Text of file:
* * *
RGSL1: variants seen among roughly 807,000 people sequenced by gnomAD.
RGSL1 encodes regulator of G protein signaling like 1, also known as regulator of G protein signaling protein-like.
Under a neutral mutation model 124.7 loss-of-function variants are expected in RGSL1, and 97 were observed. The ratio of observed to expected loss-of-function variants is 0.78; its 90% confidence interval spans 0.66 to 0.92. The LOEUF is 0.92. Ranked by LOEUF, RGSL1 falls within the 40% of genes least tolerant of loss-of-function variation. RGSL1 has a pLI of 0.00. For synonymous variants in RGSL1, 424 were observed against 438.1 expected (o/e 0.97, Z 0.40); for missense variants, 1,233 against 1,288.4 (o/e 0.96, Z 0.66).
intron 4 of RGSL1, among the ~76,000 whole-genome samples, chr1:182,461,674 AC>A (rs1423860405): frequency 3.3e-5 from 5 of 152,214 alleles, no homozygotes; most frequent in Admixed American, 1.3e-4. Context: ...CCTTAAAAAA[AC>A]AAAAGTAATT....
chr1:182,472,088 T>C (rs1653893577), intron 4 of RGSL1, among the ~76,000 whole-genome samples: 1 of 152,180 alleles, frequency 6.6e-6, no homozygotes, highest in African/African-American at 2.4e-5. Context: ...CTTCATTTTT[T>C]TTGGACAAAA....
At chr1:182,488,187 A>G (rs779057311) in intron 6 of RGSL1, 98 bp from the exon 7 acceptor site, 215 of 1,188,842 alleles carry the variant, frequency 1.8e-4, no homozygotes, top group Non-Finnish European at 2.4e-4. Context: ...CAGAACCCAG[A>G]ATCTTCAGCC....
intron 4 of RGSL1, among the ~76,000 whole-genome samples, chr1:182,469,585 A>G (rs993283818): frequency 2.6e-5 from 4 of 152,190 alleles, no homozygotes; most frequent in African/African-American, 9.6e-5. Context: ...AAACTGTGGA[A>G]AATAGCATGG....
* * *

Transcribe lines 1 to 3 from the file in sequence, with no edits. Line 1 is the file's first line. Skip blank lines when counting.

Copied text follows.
RGSL1: variants seen among roughly 807,000 people sequenced by gnomAD.
RGSL1 encodes regulator of G protein signaling like 1, also known as regulator of G protein signaling protein-like.
Under a neutral mutation model 124.7 loss-of-function variants are expected in RGSL1, and 97 were observed. The ratio of observed to expected loss-of-function variants is 0.78; its 90% confidence interval spans 0.66 to 0.92. The LOEUF is 0.92. Ranked by LOEUF, RGSL1 falls within the 40% of genes least tolerant of loss-of-function variation. RGSL1 has a pLI of 0.00. For synonymous variants in RGSL1, 424 were observed against 438.1 expected (o/e 0.97, Z 0.40); for missense variants, 1,233 against 1,288.4 (o/e 0.96, Z 0.66).